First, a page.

Elderly Americans are now wealthier than their younger counterparts, and the gap is growing in the wake of the recession. Meanwhile, Social Security and Medicare—largely wealth transfers to the elderly—continue to constitute significant portions of the federal budget. The reasons for this are mostly historic. Social Security was created in the environment of the Great Depression, when GDP crashed more than 45% and unemployment surged from a meager 3.2% in 1929 to 24.9% in 1933. One of the remedies the federal government implemented was meant to ensure that the elderly would not be destitute. This is in a time when an analysis of almost any cross-section of the population revealed poverty to an extent unimaginable by today’s standards. However, older Americans were singled out for aid because their advanced age limited their opportunity to find work and financial security.
But in the intervening eight decades, much has changed. The elderly of the Great Depression, when life expectancy was about 60 years, are not the elderly of today, when life expectancy is 79 years. The economic situation of the old is far from being one of near-destitution. A new study from the Federal Reserve Bank of St. Louis shows that in 1989 the wealth of households headed by older Americans (ages 62 and above) was about the same as that of the households headed by middle-aged Americans (ages 40-61). By 2010, however, the older households were on average 30% wealthier than households headed by the middle-aged.
This recent study is hardly the first to show how the young are getting poorer while the old are getting richer. This reality obviously amplifies the perception that policies such as Social Security and Medicare have merely become wealth transfers, as opposed to policies protective of older Americans.
This point stands independently of whether Social Security was a “good idea” at the time of the Great Depression, and independently of whether Social Security and similar government programs are working well or poorly. Whatever one’s answers to those questions, the fact that the old are doing very well while the young are struggling is a challenge to these programs’ underlying premise.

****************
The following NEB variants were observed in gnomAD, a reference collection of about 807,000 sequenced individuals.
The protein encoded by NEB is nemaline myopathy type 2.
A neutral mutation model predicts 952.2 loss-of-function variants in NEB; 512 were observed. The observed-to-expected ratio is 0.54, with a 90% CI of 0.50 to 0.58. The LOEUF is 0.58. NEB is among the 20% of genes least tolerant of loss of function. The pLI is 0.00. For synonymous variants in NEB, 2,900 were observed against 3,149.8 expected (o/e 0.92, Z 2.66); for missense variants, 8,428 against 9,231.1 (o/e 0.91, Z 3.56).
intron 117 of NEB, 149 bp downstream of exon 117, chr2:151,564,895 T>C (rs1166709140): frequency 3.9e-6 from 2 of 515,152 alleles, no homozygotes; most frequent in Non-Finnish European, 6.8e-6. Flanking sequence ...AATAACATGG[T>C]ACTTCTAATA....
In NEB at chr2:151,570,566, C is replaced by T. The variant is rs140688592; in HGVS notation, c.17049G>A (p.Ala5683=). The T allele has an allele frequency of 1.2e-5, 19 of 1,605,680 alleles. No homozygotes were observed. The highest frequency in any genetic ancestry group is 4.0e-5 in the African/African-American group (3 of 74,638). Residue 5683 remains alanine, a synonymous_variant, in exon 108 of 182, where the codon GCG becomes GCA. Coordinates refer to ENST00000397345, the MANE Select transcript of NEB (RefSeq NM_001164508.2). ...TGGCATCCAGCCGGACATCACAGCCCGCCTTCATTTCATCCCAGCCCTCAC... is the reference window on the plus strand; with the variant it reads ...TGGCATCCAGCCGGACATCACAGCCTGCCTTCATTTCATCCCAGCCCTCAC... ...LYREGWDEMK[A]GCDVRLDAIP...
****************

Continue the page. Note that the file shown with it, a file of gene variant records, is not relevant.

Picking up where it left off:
Comparing the economic situation of older Americans to other age groups leads to startling conclusions, especially among poorer Americans. According to the study from the St. Louis Fed , as of 2010 the average net worth of White and Asian households headed by middle-aged Americans in the bottom 20% of the wealth distribution was about $18,000. The net worth of similarly poor White and Asian households headed by older Americans? More than $54,000. That’s a 300% difference. The discrepancy for poor African-Americans and Hispanics is largely similar. And even more startling is the comparison with households headed by Americans younger than 40, whose average net worth in 2010 was actually negative—the result of mortgages and educational loans. And yet, these younger Americans, saddled with debt and expenses, are required by law to finance the retirement of the now much richer older Americans.
It is no secret that the continued existence of these inter-generational transfer programs is sustained because older Americans are far more politically organized than younger Americans. It seems that despite the changing reality, younger Americans do not seem to be particularly motivated to reform these programs. One reason is that younger Americans are simply busier than older Americans in trying to build a career and a family, and have less time to devote to civic engagement. The sustainability of government transfer programs, while always on voters’ radar, is never the major issue that decides elections. It may be surprising to recall that George W. Bush had campaigned on reforming Social Security in the 2000 election. But partly because it was a peripheral issue in that campaign, there was no majority of Americans to support the reform when the Bush administration finally began to push for it in 2006.
Moreover, stereotypes have a long half-life even when they stop being accurate. If some younger Americans mistakenly believe that older Americans as a group are poor and in need of help, support for change is less likely.
But perhaps the most important reason for the continued wealth transfer from the young to the old may be the long-term nature of problems that these policies create. Problems such as wealth disparities and growing national debt metastasize over a period of decades. It’s not surprising, then, that election after election this issue gets pushed aside in favor of more pressing concerns, like economic growth or terrorism. For a meaningful reform to occur, we might have to wait for these long-term consequences to finally become short-term ones. Unfortunately, this change might well come in the form of a debt crisis when the federal government finally finds itself having trouble borrowing to meet its obligations to the elderly.